Advances of Somali women
Located on the eastern seaboard of Africa, Somalia is a country synonymous with strife and civil unrest, with a civil war raging on since 1991. The country has endured continuous hardship, and, as is often the case, women carry an unfair proportion of the burden. The advances of Somali women in recent years demonstrate the progress and possibility for the future of Somalia.

The State of Somali Women

Due to a combination of cultural and religious practices, Somali women always existed in a state of subservience. The traditionally patriarchal society grew worse in terms of gender equality as political tensions and divides grew in the 1980s and reached a state of full and outright oppression with the start of the nation’s current civil war. The average Somali women lives only 58 years, 16 years less than the world average. This is in large part due to the lack of medical treatment women receive. Somalia has the seventh-highest maternal mortality rate in the world and the ninth highest birth rate. The country’s lacking health care and infrastructure worsen these statistics. Somalia’s state of civil war and lack of a set government for almost 20 years caused nearly all progression to stop and fall back.

Somalia ranked the fourth worst country to be a woman. This ranking came from a poll of 213 women’s rights experts. It judged countries on the factors of poverty, violence, rape, human trafficking, lack of health services and a variety of other criteria. Cases of genital mutilation and child marriage are also extremely common.

Inequalities and Poverty for Somali Women

The nation’s impoverished state likely plays a large role in the oppression of women, with little work of worth for them to take on. Somali women often need to tend to children, the home and herds of cattle. This typically starts at a young age, which therefore excludes Somali girls from attending school. A great barrier in relation to gender equality in Somalia comes by way of political representation. Due to the constant oppression women face, very few Somali women hold political office, nor do they hold roles with any substantial power. In Somaliland, a region in the north of Somalia in the grips of a fight for its independence from Somalia, there are only two female members of parliament out of 86. Moreover, only one female minister out of the 28 currently holds the position. When Somali women do speak out against the bias of the system, they often face violence.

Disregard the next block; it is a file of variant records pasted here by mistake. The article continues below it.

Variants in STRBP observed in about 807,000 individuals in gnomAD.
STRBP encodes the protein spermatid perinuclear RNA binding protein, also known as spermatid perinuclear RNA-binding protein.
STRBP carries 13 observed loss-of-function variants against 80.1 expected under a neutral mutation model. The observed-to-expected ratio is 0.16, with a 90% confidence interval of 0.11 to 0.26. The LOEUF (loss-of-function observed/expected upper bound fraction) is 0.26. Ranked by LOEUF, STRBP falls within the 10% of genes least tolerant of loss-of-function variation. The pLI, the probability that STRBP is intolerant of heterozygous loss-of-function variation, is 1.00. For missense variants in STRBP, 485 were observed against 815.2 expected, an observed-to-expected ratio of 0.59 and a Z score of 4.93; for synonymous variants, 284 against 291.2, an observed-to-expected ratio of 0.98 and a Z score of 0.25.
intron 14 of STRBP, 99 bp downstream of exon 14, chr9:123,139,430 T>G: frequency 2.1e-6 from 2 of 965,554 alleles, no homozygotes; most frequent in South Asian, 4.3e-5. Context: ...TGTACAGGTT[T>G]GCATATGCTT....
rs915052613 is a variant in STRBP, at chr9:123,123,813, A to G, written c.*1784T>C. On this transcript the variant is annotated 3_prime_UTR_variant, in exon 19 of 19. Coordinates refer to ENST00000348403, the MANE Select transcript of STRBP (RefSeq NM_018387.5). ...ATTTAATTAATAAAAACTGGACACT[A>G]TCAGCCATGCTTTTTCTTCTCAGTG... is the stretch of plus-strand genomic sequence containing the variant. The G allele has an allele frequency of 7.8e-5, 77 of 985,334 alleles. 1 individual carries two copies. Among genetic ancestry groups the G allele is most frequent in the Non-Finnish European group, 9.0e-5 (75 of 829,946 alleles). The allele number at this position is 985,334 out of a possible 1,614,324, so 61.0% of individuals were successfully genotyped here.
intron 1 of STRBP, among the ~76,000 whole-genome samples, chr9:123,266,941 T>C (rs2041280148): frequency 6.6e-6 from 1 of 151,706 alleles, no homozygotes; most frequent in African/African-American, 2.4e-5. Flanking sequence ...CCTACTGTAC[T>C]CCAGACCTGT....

Even with odds bent against them, Somali women are fighting for their equality. The advances of Somali women largely go overlooked, but this may change. A visit of UN Deputy Secretary-General Amina Mohammed put the recent advances of Somali women at center stage. Somalia served as a stop on the joint UN-African Union trip to countries in the Horn of Africa. While in Somalia, Mohammed met with the African Union Special Envoy on Women, Peace and Security, Bineta Diop. The trip highlighted the strides Somalia took as a nation in the years since the bloodiest stages of its civil war, as well as addressing the progress and advances of Somali women in recent years. These advances lay somewhat in the abstract, more in effort and aspiration than drastic reform. Somali women fought for equal participation in elections, worked to redevelop Somalia’s economy and pushed against the rise of extremism.

Somalia’s state of instability leads to much guesswork when predicting what may be to come. However, the civil war that brought destruction to the nation seems to be in its waning phase. If the efforts and advances of Somali women tell of anything, they tell of the possibility to change, to grow and brighten the future with the better days to come.

Austin Brown
Photo: Flickr

Worms in Nigerian Children Soil-Transmitted Helminths (STHs) are a type of macroparasitic nematode intestinal infection that transmits to humans through infected soil, more commonly known as worms. These worms typically infest soil when it comes into contact with infected fecal matter, and can directly find its way to a person’s mouth from one’s hands, unwashed vegetables, undercooked meat or infected water supplies. Since STHs become more prevalent with a lack of proper sanitation services, they affect impoverished and developing countries disproportionately more than already developed countries. The World Health Organization (WHO) estimates about 1.5 billion people worldwide have an STH infection. In particular, worms in Nigerian children are a cause for concern.

Types of Worms

The three most common worm infections in humans are hookworms, roundworms and whipworms. Hookworms are the most infectious type since their larva can hatch in the soil and penetrate the skin of whoever comes into contact with it. Infected people with a large number of worms – typically people who go for a long time without receiving treatment – have a high level of morbidity (risk of death). Those with serious infections can suffer significant malnutrition, diarrhea, nausea, vomiting, general weakness and physical impairment.